Recent studies using water isotopes have shown that trees and streams appear to return distinct water pools to the hydrosphere. Cryogenically extracted plant and soil water isotopic signatures diverge from the meteoric water lines, suggesting that plants would preferentially use bound soil water, while mobile soil water that infiltrates the soil recharges groundwater and feeds streamflow all plots on meteoric water lines. These findings have been described under the “two water worlds” (TWW) hypothesis. In spite of growing evidence for the TWW hypothesis, several questions remain unsolved within the scope of this framework. Here, we address the TWW as a null hypothesis and further assess the following: (a) the theoretical biophysical feasibility for two distinct water pools to exist, (b) plant and soil processes that could explain the different isotopic composition between the two water pools, and (c) methodological issues that could explain the divergent isotopic signatures. Moreover, we propose a way forward under the framework of the TWW hypothesis, proposing alternative perspectives and explanations, experiments to further test them, and methodological advances that could help illuminate this quest. We further highlight the need to improve our sampling resolution of plants and soils across time and space. We ultimately propose a set of key priorities for future research to improve our understanding of the ecohydrological processes controlling water flows through the soil–plant-atmosphere continuum.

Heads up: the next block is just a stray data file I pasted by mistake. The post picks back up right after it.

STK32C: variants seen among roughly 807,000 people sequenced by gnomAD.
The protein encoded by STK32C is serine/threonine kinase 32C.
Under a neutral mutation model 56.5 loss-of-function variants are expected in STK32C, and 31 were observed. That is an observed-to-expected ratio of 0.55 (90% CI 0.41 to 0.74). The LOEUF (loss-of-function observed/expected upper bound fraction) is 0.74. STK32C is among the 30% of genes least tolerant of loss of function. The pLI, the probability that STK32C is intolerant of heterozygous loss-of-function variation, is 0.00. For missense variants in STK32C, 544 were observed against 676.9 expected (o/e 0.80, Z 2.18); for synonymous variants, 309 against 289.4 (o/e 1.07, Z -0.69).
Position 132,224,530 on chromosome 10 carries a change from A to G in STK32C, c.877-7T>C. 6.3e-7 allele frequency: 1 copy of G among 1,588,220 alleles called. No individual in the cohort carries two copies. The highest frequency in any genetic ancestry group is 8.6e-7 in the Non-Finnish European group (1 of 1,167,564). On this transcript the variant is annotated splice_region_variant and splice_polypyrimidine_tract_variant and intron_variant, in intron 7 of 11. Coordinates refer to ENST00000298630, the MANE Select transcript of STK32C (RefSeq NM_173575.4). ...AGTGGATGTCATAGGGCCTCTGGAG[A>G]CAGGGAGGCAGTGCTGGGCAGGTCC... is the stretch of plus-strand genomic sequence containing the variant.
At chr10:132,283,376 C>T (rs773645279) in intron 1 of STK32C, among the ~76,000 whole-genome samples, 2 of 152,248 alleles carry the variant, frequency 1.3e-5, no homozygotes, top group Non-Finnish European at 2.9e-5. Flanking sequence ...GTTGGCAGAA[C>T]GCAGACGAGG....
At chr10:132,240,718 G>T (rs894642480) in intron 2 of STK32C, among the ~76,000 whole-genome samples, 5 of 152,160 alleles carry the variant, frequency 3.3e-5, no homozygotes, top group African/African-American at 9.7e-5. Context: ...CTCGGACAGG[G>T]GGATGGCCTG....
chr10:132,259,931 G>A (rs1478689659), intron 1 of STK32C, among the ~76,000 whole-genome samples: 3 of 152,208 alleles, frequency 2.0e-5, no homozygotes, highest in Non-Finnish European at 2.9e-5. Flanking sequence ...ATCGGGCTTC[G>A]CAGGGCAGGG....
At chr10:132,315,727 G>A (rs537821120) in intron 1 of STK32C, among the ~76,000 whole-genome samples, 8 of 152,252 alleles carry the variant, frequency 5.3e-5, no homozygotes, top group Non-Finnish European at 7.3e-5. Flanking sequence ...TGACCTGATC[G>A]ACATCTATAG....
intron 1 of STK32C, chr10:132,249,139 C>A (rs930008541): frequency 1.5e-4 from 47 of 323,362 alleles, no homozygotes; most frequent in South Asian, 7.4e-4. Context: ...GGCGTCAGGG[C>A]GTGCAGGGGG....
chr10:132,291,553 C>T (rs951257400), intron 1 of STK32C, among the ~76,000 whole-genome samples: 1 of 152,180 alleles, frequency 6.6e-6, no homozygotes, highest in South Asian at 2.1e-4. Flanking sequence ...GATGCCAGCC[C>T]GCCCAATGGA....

Zhang, Z., Evaristo, J., Si, B., Li, Z., and McDonnell, J.J. 2017, Tritium analysis shows apple trees may be transpiring water several decades old, Hydrological Processes 31:1196–1201
Abstract:

Recent work has shown evidence of ecohydrological separation whereby plants appear to use a less mobile soil water pool that does not mix with more mobile soil water, groundwater, and streamflow. Although many elements of this two water worlds hypothesis remain to be tested and challenged, one key question is “how old might the less mobile water used by plants be?” Such a question is methodologically difficult to answer: stable isotope tracing makes it difficult to resolve any water age older than a few years since the signal gets so damped. Tritium—a useful radiogenic isotope and age dating tool, is now difficult to use in natural systems because most bomb tritium has washed out of soil profiles. Here, we leverage new data from an unusually deep, homogenous soil profile that preserves the mid-1960s tritium bomb signal. We sample the Fuji apple trees (Malus pumila Mil) growing on this site that have root systems that penetrate over 15 m and utilize water from within the bomb peak soil water distribution (extracted via cryogenic extraction). Our data show that water used by these trees is on average 29 years old. Bayesian mixing analysis suggests that 40 ± 30% of fruit tissue water came from depths between 4 and 9 m within the soil profile (36 ± 9 years old); 60 ± 29% was equally divided between 0 and 4 m and 9–15 m ranges (13 ± 5 years old). These findings suggest that trees can use quite old less mobile water, highlighting the separation in ages between more mobile soil water and water in transit in sap flow.